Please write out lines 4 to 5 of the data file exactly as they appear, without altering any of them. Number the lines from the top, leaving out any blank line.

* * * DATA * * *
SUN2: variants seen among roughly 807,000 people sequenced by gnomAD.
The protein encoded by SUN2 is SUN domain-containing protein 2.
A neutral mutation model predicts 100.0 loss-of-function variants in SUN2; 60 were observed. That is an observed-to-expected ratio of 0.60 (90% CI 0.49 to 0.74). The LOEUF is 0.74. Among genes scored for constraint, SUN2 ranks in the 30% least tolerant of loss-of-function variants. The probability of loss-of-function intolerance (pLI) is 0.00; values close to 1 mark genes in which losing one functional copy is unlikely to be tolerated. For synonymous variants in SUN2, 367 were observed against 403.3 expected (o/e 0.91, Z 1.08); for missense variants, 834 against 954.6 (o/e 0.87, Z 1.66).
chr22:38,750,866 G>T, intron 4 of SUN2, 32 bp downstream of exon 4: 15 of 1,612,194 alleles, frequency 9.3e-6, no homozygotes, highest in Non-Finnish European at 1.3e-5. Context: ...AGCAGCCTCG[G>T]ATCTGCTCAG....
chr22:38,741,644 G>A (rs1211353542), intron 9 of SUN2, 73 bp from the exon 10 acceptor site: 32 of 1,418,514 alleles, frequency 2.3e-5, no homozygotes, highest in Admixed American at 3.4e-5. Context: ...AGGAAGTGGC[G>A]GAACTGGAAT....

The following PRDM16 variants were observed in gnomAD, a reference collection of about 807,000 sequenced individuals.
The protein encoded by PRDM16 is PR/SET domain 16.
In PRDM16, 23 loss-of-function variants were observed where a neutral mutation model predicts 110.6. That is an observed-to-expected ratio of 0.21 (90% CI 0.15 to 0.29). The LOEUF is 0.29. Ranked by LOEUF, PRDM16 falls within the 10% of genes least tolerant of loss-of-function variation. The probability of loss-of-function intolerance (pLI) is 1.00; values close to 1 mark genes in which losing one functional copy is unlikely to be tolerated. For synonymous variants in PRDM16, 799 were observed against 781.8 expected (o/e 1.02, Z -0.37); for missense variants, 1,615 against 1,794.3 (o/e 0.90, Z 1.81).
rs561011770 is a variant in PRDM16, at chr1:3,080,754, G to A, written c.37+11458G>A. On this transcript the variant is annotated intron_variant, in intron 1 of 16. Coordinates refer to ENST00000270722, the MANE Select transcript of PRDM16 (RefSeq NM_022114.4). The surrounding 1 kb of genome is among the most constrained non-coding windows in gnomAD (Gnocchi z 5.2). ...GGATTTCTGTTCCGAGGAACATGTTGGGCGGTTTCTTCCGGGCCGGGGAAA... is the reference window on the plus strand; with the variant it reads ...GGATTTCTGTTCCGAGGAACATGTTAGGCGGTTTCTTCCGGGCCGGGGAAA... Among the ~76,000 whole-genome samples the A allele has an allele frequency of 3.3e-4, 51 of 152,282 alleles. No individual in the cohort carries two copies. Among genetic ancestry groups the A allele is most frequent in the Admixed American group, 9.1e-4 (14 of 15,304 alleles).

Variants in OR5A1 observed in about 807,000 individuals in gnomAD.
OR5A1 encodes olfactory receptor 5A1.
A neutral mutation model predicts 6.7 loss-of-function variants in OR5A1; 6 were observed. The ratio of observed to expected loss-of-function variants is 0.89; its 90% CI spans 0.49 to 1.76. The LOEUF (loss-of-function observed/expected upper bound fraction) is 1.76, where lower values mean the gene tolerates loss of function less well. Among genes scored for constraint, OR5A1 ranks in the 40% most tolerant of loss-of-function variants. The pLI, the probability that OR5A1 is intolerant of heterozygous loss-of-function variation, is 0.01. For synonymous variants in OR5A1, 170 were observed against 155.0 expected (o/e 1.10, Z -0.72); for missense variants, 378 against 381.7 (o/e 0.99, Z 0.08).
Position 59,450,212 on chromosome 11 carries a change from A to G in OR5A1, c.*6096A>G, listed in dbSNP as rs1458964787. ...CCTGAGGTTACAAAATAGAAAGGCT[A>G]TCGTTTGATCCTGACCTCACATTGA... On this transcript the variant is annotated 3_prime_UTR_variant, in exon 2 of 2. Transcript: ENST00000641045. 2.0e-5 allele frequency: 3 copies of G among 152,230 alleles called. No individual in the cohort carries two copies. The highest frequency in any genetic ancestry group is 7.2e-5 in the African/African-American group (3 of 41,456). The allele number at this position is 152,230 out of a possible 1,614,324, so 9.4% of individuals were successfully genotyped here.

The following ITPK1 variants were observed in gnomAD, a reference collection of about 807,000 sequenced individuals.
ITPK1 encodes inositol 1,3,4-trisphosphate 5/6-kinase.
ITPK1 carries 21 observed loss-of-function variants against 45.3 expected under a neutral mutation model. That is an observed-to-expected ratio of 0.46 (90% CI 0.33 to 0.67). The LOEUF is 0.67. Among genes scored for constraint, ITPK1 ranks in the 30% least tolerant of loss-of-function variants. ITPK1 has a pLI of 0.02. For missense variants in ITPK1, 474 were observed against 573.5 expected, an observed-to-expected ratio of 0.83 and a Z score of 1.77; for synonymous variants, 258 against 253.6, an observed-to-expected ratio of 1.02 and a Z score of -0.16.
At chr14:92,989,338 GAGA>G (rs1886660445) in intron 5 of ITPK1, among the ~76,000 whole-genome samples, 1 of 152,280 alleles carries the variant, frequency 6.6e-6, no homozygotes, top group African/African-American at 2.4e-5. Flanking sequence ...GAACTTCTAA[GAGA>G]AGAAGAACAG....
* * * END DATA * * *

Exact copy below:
chr22:38,750,866 G>T, intron 4 of SUN2, 32 bp downstream of exon 4: 15 of 1,612,194 alleles, frequency 9.3e-6, no homozygotes, highest in Non-Finnish European at 1.3e-5. Context: ...AGCAGCCTCG[G>T]ATCTGCTCAG....
chr22:38,741,644 G>A (rs1211353542), intron 9 of SUN2, 73 bp from the exon 10 acceptor site: 32 of 1,418,514 alleles, frequency 2.3e-5, no homozygotes, highest in Admixed American at 3.4e-5. Context: ...AGGAAGTGGC[G>A]GAACTGGAAT....